The centerpiece of the paperwork barrage is the HUD form. This is the sheet that breaks down all of the buyer's expenses and credits and bottom-lines the necessary down-payment in order for the title company to hand you the keys. Included in the breakdown is the fun of property taxes. Now, buying a house smack in the middle of the year complicates things a bit, because half the taxes of the year have already come due.

Since the taxes owed in 2010 are, in fact, the taxes of 2009, it's not my responsibility to pony up the cash for them. It's the seller who lived there during the 2009 tax season who's stuck with the bill. The taxes are paid in 4 quarterly installments throughout the year, and in my case, they're automatically paid out of the funds in my loan's escrow account. But since the year is half done, the seller's already paid the city for 2 of those 4 quarters. For the remaining two quarters, the seller pays ME that money and then it's pulled from my escrow. Follow? (Don't worry, I only barely do myself.)

So I'm looking at this HUD form, and it shows what I owe, and then it shows my credits, and then it shows the bottom line figure I needed to have for the downpayment (in this case, a lump sum of around $1100.) But as I look at the credits, I notice something odd. There's a line that says "Credit for 2009 property tax" and it indicates a sum of $2700. Well, the property taxes for my house are $2700 for the whole year, but like I explained above, the seller's already paid for two of those four quarters, right?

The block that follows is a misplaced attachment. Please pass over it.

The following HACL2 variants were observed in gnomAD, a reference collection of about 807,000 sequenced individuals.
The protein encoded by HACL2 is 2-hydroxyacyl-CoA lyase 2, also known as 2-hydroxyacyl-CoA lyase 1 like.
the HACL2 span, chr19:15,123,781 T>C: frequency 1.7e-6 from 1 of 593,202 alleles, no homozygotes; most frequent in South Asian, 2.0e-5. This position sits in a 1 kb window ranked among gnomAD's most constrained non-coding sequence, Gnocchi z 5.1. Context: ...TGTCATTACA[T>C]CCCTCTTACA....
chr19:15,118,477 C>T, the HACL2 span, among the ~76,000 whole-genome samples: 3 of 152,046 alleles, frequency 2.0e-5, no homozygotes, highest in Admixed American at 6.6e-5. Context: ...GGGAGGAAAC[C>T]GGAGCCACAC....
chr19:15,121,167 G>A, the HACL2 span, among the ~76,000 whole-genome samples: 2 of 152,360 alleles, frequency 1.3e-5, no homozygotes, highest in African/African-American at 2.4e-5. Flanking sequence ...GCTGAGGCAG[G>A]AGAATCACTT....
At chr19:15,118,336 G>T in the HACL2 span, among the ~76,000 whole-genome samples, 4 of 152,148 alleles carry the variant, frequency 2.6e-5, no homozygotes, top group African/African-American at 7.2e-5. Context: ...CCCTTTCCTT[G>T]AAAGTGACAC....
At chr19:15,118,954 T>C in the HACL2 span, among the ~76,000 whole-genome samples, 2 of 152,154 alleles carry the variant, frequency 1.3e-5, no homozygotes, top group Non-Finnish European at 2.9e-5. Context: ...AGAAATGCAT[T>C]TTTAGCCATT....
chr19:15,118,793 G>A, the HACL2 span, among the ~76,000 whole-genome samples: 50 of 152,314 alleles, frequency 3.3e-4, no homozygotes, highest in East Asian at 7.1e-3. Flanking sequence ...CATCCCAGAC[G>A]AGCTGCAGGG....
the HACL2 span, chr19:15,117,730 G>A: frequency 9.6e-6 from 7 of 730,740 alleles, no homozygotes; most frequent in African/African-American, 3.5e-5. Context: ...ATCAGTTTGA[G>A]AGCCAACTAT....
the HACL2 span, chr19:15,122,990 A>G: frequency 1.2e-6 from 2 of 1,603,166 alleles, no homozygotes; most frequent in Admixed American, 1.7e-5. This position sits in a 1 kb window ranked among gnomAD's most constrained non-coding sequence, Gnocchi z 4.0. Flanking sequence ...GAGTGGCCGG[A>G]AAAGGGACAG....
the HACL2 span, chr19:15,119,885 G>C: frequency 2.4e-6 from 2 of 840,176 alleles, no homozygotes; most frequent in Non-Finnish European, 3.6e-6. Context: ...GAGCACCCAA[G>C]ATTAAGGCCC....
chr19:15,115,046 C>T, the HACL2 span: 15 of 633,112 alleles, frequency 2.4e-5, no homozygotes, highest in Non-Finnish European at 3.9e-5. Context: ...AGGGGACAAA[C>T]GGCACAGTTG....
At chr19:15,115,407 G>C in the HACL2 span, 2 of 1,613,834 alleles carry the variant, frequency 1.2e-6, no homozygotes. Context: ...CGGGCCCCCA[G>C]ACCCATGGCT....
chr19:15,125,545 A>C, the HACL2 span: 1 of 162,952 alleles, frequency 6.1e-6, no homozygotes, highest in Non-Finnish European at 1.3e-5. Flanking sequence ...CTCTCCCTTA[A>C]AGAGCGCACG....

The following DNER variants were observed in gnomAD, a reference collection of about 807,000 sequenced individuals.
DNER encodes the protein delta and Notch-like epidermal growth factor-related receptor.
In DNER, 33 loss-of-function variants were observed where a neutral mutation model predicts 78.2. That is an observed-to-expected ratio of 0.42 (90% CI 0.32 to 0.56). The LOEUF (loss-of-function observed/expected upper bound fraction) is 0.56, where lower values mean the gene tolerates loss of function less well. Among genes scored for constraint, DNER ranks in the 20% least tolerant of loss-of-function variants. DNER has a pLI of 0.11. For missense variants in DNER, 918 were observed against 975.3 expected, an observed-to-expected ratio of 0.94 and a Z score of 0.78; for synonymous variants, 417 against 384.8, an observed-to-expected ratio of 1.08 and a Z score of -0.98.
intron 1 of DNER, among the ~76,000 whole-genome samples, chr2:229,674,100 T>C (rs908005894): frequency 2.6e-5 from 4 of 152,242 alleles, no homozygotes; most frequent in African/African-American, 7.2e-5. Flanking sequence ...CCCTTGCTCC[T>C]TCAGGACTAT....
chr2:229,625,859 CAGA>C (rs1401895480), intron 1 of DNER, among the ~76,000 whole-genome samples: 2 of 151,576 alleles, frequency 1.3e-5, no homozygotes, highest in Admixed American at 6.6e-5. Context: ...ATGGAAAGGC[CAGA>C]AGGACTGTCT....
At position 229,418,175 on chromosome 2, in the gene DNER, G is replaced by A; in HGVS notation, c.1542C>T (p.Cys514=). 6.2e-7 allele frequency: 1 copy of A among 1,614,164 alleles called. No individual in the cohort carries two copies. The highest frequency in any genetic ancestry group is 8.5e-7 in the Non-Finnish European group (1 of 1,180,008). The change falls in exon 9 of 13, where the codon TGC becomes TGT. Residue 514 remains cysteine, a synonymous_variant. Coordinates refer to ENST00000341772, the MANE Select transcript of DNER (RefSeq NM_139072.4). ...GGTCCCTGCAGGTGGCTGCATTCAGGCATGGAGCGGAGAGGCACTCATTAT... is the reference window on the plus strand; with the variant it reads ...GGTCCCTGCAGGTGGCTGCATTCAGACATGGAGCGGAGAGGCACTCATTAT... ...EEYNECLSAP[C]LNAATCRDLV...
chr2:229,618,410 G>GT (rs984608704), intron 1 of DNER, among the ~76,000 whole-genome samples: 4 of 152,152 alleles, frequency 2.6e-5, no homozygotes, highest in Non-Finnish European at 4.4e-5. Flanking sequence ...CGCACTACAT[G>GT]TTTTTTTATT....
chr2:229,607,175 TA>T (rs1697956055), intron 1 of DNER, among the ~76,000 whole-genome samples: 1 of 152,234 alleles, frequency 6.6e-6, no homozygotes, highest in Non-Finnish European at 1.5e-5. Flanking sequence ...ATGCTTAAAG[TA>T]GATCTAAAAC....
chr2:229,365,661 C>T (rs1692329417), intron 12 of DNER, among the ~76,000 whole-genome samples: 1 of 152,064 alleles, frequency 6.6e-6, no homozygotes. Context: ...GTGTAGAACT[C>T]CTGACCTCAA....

Ergo, I say something.

"Let me take a look..." says the friendly title company rep.

"Hmm..." says my realtor.

"Hmm..." says the seller's realtor.

"Hmm..." says my loan officer.

"Hmm..." says the seller's attorney.

"YOU'RE RIGHT!" announces the title company rep. "This number IS wrong!"

Suddenly a wave of triumph sweeps over me. I found a math error. Me, who is pretty much legally math-tarded. Me, who scraped by Algebra II in high school with a D average and promptly took "Intro to Computers" for my remaining math credits. Me, who chose Augustana as my alma mater for the primary reason of no required math classes. Me, who still counts on my fingers when doing math in my head. I found a math error that escaped accountants and loan officers combined. "YOU ROCK!" said my brain to myself.

"Thank you SO much for noticing that," said the title company rep. I deserved a cookie.

"With that error cleared up, your credit is only $1350. So instead of owing us $1100 right now, we'll be needing $2500. Go get another cashier's check."

That's right, folks. I'm the only person on Earth bone-headed enough to discover an error saving me $1350 and promptly report it to the whole room. "Umm, excuse me, but I don't believe that I'm paying you enough. Please oh please charge me more."